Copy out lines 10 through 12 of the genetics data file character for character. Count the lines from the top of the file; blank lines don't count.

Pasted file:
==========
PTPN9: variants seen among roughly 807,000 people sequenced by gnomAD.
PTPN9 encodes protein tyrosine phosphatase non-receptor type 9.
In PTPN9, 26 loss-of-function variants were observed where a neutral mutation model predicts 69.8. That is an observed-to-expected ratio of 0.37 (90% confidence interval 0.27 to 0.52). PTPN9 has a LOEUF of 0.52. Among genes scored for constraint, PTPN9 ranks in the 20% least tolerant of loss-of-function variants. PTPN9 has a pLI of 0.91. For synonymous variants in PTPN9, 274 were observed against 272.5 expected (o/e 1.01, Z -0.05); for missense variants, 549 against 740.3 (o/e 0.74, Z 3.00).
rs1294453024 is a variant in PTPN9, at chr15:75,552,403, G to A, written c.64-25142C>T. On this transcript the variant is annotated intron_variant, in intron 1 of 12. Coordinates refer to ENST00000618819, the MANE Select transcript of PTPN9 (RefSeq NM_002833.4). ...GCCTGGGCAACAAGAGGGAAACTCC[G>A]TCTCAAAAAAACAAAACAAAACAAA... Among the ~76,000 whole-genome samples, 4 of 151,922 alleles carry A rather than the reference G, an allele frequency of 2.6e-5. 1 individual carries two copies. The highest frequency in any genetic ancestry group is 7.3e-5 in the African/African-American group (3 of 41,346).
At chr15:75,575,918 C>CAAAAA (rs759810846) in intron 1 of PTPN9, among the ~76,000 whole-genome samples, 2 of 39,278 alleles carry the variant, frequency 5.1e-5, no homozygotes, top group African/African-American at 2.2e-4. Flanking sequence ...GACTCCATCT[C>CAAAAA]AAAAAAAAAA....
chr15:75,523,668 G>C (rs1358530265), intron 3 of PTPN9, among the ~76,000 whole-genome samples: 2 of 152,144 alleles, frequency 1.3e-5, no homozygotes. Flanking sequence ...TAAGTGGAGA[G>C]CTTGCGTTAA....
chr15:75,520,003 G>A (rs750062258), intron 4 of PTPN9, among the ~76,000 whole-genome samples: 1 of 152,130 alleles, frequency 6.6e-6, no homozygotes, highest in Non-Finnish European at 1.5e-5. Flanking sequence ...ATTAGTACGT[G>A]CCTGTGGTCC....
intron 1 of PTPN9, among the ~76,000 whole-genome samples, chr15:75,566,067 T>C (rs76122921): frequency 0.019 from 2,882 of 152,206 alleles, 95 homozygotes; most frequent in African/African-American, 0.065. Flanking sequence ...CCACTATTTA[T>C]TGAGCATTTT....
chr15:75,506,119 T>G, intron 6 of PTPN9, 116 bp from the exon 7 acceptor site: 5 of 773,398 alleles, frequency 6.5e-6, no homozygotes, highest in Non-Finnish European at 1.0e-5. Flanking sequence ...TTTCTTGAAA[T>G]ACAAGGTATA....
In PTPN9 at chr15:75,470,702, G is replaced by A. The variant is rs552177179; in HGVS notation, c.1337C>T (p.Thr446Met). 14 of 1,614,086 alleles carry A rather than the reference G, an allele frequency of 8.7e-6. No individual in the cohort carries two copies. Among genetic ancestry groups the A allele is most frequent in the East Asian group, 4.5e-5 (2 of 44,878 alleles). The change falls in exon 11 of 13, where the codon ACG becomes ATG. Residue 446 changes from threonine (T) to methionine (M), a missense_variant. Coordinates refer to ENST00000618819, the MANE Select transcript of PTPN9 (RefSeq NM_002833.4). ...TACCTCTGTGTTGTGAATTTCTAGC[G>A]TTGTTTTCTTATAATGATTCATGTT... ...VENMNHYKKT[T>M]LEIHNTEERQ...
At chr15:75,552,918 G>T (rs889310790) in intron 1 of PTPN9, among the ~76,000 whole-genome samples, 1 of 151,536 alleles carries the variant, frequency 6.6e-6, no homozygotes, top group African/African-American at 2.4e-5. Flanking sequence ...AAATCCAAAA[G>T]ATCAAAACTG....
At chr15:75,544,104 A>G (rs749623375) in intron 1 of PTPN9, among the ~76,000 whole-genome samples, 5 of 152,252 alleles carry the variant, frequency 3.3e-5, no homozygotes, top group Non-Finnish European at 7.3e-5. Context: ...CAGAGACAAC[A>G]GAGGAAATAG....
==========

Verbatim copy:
In PTPN9 at chr15:75,470,702, G is replaced by A. The variant is rs552177179; in HGVS notation, c.1337C>T (p.Thr446Met). 14 of 1,614,086 alleles carry A rather than the reference G, an allele frequency of 8.7e-6. No individual in the cohort carries two copies. Among genetic ancestry groups the A allele is most frequent in the East Asian group, 4.5e-5 (2 of 44,878 alleles). The change falls in exon 11 of 13, where the codon ACG becomes ATG. Residue 446 changes from threonine (T) to methionine (M), a missense_variant. Coordinates refer to ENST00000618819, the MANE Select transcript of PTPN9 (RefSeq NM_002833.4). ...TACCTCTGTGTTGTGAATTTCTAGC[G>A]TTGTTTTCTTATAATGATTCATGTT... ...VENMNHYKKT[T>M]LEIHNTEERQ...
At chr15:75,552,918 G>T (rs889310790) in intron 1 of PTPN9, among the ~76,000 whole-genome samples, 1 of 151,536 alleles carries the variant, frequency 6.6e-6, no homozygotes, top group African/African-American at 2.4e-5. Flanking sequence ...AAATCCAAAA[G>T]ATCAAAACTG....
At chr15:75,544,104 A>G (rs749623375) in intron 1 of PTPN9, among the ~76,000 whole-genome samples, 5 of 152,252 alleles carry the variant, frequency 3.3e-5, no homozygotes, top group Non-Finnish European at 7.3e-5. Context: ...CAGAGACAAC[A>G]GAGGAAATAG....